This week the Office of Federal Contract Compliance Programs issued regulations and inviting comments. The rules are intended to improve the rate of hiring of veterans by contractors receiving government funds above a certain threshold. The law already prohibits discrimination against veterans and against people in the military reserves.
Still, it is always difficult to prove that the reason someone was not hired is discriminatory. It’s extra hard when the economy is still weak, and there are many applicants for each opening. The unemployment rate for veterans remains stubbornly high.
A mandatory listing of jobs with several employment services is one way that the Department of Labor expects to improve the employment of veterans by contractors. Veterans languishing at state unemployment offices will get access to job listings that may give them a hiring preference. Even if no preference is given, information about openings is helpful. The contractors are also expected to maintain goals for increasing their veteran hiring rate, and of course must report their progress. Reports would have to include “a statement of reasons explaining the circumstances for rejecting protected veterans for vacancies and training programs.”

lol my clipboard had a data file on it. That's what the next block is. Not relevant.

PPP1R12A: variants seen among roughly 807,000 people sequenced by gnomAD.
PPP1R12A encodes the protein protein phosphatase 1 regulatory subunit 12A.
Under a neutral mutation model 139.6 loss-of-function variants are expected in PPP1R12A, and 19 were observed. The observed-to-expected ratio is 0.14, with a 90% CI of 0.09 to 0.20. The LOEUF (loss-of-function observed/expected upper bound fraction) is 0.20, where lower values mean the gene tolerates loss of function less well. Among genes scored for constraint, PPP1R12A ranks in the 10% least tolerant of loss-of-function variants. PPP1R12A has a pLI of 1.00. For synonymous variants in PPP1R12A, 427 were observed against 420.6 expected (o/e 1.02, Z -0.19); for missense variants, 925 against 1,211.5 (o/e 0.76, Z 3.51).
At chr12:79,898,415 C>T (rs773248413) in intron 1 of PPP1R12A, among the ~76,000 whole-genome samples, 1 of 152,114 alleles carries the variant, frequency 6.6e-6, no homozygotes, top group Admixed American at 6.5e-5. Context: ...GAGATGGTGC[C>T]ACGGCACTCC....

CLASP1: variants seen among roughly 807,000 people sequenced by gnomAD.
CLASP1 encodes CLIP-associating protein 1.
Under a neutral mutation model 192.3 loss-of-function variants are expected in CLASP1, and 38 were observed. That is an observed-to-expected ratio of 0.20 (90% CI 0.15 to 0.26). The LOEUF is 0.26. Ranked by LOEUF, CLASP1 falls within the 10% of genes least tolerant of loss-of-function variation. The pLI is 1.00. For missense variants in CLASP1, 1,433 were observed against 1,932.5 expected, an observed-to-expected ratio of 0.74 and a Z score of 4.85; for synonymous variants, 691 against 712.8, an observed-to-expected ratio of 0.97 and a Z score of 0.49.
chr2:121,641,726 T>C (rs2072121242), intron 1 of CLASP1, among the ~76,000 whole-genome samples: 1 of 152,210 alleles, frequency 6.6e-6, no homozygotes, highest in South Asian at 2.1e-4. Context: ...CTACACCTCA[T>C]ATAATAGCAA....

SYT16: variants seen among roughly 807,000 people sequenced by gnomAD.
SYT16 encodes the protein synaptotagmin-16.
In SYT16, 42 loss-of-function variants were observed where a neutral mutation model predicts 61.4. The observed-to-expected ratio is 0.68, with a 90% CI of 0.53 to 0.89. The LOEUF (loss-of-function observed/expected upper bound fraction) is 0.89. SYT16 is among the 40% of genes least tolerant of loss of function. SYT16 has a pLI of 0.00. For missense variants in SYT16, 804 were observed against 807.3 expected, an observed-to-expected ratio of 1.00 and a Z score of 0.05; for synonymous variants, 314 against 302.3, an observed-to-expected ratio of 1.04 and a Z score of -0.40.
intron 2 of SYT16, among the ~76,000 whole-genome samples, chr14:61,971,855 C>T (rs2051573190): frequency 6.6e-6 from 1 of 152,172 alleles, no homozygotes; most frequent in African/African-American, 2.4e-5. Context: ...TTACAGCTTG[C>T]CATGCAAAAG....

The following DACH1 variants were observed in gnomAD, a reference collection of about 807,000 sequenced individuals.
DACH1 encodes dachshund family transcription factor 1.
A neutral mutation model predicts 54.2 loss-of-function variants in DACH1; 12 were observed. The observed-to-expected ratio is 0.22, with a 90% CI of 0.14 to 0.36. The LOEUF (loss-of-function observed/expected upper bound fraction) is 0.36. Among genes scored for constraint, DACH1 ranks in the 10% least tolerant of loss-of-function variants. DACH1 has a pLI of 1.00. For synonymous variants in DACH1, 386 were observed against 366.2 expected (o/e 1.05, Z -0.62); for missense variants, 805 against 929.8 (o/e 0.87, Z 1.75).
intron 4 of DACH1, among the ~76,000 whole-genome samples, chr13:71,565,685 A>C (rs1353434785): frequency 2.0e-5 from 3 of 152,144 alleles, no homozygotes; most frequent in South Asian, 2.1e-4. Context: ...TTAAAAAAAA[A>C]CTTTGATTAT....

These proposals impose additional work on contractors, certainly, but by requiring more focus on finding veterans to apply, and scrutinizing why they were overlooked, the end result should be an increase in hiring.